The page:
While the other week I reviewed one of the best-looking handheld games ever in Resident Evil: Revelations, Golden Abyss blows it out of the water on every level, especially given their respective scopes. Uncharted on Vita looks almost as good as Drake’s Fortune did on PS3, and despite being an early title for the system, that was no ugly game.
Environments are detailed, rich and lush with foliage, deep jungle areas are so dense you can almost feel the grime and dirt, while bugs buzz around Drake’s head. The lighting looks amazing too, especially as sun beams through the beautiful scenary and over the top of temple ruins.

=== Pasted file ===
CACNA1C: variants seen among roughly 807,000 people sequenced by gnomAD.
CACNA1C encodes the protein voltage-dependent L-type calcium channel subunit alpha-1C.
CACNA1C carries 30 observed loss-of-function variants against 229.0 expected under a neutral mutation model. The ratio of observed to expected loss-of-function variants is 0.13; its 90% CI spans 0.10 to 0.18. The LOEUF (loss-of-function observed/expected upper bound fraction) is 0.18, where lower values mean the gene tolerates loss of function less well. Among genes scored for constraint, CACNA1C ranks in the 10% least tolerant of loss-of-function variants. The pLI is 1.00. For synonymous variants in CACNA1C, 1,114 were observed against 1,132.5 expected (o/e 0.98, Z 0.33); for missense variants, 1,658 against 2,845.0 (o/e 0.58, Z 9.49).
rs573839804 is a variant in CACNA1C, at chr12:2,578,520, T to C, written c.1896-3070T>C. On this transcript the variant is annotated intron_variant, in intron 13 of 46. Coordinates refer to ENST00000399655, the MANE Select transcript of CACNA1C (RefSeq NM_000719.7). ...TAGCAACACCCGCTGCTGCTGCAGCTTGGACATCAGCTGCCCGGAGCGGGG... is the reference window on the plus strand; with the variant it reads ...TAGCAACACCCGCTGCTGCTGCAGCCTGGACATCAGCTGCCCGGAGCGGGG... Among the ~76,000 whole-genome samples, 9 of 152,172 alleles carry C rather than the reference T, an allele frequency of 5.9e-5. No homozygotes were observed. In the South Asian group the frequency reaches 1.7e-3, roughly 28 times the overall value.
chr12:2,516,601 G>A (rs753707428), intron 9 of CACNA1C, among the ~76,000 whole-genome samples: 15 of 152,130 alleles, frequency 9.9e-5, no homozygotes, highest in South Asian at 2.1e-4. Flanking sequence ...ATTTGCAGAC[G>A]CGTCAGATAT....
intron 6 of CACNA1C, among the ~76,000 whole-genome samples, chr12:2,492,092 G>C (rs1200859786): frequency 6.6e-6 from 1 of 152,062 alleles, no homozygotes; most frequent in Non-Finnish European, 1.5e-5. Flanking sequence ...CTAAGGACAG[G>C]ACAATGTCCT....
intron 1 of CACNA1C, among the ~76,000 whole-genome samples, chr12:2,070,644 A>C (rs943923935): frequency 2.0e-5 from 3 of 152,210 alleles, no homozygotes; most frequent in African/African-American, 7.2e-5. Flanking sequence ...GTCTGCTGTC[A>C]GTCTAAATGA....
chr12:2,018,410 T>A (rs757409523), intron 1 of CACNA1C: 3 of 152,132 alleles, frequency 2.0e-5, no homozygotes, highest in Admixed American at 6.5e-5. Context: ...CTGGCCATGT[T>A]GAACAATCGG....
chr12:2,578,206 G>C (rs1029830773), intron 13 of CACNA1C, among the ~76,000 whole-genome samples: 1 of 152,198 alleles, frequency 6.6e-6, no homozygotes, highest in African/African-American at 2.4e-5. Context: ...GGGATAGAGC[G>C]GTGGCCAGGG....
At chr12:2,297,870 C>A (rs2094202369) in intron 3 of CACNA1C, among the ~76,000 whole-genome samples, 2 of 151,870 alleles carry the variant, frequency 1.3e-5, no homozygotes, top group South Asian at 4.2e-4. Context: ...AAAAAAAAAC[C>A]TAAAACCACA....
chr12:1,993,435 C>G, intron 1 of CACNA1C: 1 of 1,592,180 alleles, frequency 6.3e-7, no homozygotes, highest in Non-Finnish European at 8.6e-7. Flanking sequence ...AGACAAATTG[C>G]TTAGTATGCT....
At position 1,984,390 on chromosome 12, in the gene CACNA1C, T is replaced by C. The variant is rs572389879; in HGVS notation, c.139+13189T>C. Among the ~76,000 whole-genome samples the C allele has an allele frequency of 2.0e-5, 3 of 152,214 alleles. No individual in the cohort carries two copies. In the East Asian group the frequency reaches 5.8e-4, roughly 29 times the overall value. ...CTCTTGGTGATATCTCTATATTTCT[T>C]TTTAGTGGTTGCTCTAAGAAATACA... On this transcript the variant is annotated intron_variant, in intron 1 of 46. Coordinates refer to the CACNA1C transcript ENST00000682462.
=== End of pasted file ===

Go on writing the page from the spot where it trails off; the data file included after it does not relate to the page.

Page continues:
Character models are also top-notch, with Drake in particular indistinguishable from his PS3 counterpart. Animations are spectacular for most part, thanks to Naughty Dog giving Bend access to their mo-cap studio, although some of the touch screen QTEs leave some of the resulting animations looking a little stunted and awkward at times.
There are some occasional glitches too. For example if Drake leans over to catch his breath, his hands eerily go through his thighs. Thankfully this type of clipping is about the worst you’ll see in what really is the visual showcase game of the launch.
Golden Abyss also sounds great. The voice acting, in spite of a weaker plot, is pure Uncharted. Dante and Chase aren’t great characters, it’s true, but vocally they fit into Drake’s world just fine. Drake is once again voiced by Nolan North and, let’s face it, it wouldn’t be Nathan Drake without him. The usual Uncharted soundtrack is here, and it’s still as good as ever. Drake’s theme in particular never fails to get you in the mood for treasure hunting.